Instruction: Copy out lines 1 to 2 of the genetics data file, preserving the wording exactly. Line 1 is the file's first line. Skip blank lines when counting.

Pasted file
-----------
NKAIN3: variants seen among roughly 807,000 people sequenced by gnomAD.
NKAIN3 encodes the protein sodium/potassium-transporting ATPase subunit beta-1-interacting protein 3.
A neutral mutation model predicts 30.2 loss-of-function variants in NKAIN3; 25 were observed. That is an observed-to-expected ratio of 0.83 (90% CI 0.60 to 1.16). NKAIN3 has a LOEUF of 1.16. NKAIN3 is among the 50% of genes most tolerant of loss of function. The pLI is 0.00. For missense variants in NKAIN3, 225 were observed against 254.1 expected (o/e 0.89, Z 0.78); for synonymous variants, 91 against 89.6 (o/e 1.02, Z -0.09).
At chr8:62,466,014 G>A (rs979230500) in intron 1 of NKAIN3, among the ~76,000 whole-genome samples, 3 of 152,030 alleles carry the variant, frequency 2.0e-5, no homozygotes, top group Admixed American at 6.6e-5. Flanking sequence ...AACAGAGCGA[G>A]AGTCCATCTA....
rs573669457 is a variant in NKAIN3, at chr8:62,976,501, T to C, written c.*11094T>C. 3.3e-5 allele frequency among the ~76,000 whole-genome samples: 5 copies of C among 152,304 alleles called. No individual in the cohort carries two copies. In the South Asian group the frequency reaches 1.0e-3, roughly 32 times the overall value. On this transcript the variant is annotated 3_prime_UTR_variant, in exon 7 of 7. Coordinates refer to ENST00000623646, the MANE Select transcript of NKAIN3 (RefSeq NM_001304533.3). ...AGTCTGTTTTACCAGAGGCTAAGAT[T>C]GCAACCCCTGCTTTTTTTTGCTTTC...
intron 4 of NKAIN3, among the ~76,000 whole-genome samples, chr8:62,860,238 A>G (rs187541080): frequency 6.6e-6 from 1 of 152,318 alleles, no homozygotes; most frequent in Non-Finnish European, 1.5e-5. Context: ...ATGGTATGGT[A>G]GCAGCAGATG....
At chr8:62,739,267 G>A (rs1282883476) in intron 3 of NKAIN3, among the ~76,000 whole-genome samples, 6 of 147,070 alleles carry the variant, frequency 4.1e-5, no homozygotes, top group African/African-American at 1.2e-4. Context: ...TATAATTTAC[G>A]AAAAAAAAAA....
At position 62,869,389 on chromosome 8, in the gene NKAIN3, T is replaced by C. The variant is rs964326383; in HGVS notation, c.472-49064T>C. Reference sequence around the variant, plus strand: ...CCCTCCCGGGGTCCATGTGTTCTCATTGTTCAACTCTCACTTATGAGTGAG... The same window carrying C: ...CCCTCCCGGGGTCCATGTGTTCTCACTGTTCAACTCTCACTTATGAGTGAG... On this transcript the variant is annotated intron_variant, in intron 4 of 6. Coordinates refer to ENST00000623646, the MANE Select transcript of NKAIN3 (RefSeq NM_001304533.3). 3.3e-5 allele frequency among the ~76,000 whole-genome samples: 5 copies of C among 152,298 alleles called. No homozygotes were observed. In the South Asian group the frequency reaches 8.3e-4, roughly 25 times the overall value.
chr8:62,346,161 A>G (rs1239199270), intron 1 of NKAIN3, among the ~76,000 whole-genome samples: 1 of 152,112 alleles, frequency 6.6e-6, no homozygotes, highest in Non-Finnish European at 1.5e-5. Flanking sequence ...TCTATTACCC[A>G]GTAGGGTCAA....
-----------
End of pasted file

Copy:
NKAIN3: variants seen among roughly 807,000 people sequenced by gnomAD.
NKAIN3 encodes the protein sodium/potassium-transporting ATPase subunit beta-1-interacting protein 3.